Alternating Prentice’s musings with a third-person narrator, the novel jumps back into the past frequently, with several time periods covered in the lives and relationship of the three families. This back and forth, and huge cast of characters, can be confusing—especially early on. (Someone suggested that the novel should include a family tree.) The novel is enjoyably nostalgic if you remember the eras depicted, and the novel is very “of its time” without being horribly dated.

Despite the plethora of characters included, they are well drawn and believable with their many failings. As Banks is prone to, the novel is ridiculously well-written and descriptive, with moments of brilliant humour. However, it’s not a particularly easy read with Scottish dialogue and deep subject matters.

For this reason, we scored the novel well—8/10—despite more than half of us not hugely enjoying it. A few of us thoroughly enjoyed the novel’s musings. But most members felt it simply wasn’t gripping enough, spending too much time in Prentice’s head and in flashbacks, with little actually happening. This lead to an ebbing and flowing (and sometimes waning) interest. In summary, “it was a strange book…”

One strong point of agreement was in Banks’ beautiful portrayal of Scotland—we were ready to pack our bags!

Score: 8/10

Favourite quotes: “People can be teachers and idiots; they can be philosophers and idiots; they can be politicians and idiots… in fact I think they have to be… a genius can be an idiot. The world is largely run for and by idiots; it is no great handicap in life and in certain areas is actually a distinct advantage and even a prerequisite for advancement.”

“God, what did any of it matter, in the end? You lived; you died. You were as indistinguishable from a distance as one of these blades of grass, and who was to say more important? Growing, surrounded by your kin, you out-living some, some out-living you. You didn’t have to adjust the scale much, either, to reduce us to the sort of distant irrelevance of this bedraggled field. The grass was lucky if it grew, was shone upon and rained upon, and was not burned, and was not pulled up by the roots, or poisoned, or buried when the ground was turned over, and some bits just happened to be on a line that humans wanted to walk on, and so got trampled, broken, pressed flat, with no malice; just effect.”

Book 46: The Art of Racing in the Rain, Garth Stein (2008)

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The Art of Racing in the Rain

Location: The Warehouse Café, veggie café – very enjoyable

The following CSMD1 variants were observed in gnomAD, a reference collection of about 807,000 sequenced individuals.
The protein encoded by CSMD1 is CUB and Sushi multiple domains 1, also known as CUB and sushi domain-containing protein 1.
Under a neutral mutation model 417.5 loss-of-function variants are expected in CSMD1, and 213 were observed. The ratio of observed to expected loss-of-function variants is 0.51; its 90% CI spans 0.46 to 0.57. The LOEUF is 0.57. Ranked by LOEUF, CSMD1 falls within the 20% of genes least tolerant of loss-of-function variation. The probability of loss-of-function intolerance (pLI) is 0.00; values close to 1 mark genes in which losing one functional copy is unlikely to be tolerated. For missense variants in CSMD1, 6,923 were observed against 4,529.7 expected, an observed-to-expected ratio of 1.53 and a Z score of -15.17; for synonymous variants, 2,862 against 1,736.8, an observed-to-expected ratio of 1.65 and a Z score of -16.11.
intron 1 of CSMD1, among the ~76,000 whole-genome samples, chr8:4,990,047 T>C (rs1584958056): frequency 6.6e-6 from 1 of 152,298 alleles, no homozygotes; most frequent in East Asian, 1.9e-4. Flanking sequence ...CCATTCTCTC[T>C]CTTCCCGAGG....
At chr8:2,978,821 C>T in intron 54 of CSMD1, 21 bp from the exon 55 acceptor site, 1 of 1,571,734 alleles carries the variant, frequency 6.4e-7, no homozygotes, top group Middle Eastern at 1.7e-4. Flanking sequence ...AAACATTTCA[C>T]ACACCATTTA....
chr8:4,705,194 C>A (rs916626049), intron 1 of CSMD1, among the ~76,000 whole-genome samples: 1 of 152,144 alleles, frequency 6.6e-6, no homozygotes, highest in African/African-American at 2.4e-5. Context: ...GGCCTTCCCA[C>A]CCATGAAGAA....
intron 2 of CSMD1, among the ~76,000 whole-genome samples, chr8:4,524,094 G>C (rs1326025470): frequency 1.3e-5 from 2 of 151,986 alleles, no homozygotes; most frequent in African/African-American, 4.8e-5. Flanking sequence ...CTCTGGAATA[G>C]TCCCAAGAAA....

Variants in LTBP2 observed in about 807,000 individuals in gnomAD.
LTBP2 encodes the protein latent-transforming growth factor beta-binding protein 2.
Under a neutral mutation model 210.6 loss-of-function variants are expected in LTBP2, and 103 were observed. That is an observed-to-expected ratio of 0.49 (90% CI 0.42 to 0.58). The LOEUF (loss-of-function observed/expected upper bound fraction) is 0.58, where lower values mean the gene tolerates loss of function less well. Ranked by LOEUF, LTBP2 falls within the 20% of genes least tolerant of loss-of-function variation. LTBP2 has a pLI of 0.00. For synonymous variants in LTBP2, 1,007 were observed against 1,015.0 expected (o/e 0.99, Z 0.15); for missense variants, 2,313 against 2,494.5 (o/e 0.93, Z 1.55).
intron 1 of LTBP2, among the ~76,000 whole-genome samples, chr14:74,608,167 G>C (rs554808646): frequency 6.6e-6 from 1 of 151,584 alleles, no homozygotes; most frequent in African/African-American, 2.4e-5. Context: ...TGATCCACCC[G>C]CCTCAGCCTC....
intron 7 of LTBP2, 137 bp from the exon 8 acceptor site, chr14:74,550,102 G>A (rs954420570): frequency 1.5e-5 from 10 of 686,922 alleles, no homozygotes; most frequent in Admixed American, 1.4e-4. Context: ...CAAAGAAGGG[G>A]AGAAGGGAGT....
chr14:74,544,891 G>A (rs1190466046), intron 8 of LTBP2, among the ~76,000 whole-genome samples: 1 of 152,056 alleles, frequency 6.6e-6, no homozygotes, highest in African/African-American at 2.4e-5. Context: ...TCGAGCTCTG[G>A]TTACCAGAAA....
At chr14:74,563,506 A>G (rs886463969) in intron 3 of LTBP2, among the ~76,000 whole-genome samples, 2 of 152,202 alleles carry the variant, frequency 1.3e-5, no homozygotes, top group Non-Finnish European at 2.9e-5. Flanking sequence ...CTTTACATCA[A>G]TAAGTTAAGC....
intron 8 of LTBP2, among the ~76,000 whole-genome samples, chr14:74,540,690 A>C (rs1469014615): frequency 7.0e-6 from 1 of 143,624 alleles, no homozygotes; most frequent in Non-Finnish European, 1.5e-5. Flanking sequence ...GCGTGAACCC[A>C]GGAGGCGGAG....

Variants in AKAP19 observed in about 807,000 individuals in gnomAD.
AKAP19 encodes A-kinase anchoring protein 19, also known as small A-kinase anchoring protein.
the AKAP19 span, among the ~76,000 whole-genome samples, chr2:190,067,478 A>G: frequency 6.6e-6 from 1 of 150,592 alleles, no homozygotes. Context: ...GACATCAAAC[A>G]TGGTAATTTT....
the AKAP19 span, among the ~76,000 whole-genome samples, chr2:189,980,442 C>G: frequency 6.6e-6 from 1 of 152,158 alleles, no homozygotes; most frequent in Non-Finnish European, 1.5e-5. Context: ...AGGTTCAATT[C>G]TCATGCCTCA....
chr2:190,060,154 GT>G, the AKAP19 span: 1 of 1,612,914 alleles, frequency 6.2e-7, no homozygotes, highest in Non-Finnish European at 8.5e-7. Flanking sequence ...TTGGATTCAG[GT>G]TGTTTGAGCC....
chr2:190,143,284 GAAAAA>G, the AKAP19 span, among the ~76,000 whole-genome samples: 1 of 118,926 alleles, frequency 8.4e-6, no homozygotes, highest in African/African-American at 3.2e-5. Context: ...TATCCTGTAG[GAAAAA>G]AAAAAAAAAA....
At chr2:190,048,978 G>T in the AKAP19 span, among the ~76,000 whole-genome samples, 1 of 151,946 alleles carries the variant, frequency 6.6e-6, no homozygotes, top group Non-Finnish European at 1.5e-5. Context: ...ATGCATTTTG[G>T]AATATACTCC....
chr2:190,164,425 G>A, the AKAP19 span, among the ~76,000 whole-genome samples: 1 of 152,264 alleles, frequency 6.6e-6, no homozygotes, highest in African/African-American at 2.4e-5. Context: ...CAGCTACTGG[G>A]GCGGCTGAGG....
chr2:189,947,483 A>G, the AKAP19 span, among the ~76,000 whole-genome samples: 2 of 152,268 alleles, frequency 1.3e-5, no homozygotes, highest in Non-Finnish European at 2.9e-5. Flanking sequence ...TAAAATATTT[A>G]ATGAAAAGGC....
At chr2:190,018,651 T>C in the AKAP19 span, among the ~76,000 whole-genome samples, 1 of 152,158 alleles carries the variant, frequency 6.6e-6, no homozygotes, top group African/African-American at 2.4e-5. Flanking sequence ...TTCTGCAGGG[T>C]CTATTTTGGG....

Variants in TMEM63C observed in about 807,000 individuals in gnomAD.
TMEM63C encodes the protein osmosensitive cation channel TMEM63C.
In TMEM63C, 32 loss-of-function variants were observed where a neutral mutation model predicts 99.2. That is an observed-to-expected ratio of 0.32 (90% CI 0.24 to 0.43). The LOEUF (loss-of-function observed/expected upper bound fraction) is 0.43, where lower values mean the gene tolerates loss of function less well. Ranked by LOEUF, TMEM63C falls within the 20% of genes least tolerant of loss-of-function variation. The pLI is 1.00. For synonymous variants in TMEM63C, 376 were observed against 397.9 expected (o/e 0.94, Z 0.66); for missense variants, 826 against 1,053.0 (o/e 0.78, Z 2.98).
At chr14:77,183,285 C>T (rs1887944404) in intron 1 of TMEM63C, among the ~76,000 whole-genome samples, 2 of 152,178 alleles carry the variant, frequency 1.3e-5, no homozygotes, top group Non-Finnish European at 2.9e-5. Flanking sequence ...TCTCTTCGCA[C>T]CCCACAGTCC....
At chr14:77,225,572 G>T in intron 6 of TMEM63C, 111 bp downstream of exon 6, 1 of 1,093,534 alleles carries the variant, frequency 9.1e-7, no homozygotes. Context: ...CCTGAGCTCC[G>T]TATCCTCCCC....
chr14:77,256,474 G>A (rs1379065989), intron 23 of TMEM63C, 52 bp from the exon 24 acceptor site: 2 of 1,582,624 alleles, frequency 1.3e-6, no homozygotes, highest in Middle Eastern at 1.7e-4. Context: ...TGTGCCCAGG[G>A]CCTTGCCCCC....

Category: Male authors

Chosen by: Rachael

Back in the first phase of the book club, Rachael nominated The Art of Racing in the Rain as one of her 5 choices. Back then, it didn’t get pulled out of the hat. Four years later, she nominated it again—gotta love a trier! A novel narrated by a dog isn’t our normal cup of tea, but hey, it graced the New York Times bestseller list for over 156 weeks, so someone certainly liked it!

Enzo the Labrador-part-terrier has human-like consciousness. In fact, he’s convinced that his life as a dog is preparing himself for his next life as a human. Enzo’s getting on a bit, so he’s become fairly philosophical about his demise and narrates his life story through memories. Meanwhile, his owner Denny is in the midst of a life crisis, which Enzo intersperses with his memoirs.

As you might have guessed from the title, the novel heavily focuses on motor racing. Denny is a racing car driver, and Enzo—the avid TV watcher—loves racing. A true man-dog-best-friend combo, they watch races together and Denny explains the art of racing in the rain to his companion. Because Enzo isn’t a dog, he’s a friend. If you look deep enough into the racing sections, there’s a metaphor for life in there somewhere…

So as you can probably guess, this novel is pretty unique. It goes without saying that if you don’t like dogs or racing, you probably won’t get much from this book. If you like both, you’re on to a winner. If you like dogs, you can skip the racing parts—if you like racing, you can skip the doggy parts. As much of the Unconventional Book Club didn’t like motor racing (those sections were described as “long and tedious”), most of them skimmed the racing aspects, but enjoyed Enzo’s absolutely convincing voice—a dog who perceives our organised systems of human life so acutely. If you’re expecting banal details of a dog’s daily life, think more along the lines of acute insights of human life from a dog’s perspective.

Overall, the novel elicited a wide variety of responses, from “over-sentimentalised” and “it came, it went; I shan’t remember it” to “it had a great effect on me” and “was surprisingly brilliant”. A few members had a little cry; it manages to be both heart-breaking and life-affirming if it takes you. The novel itself is a mixture of amusing anecdotes, laugh out loud parts, an innocent perspective, and the handling of serious, mature themes.

Despite the range of views that The Art of Racing in the Rain stimulated, we all agreed on one point…it does make you wonder. When you look at your pet, or a passing dog, or any animal—what are they thinking? Are they imagining doing laps in a racing car? Observing the society we’ve carefully built around ourselves? Or dreaming of becoming a human in their next life?

Score: 7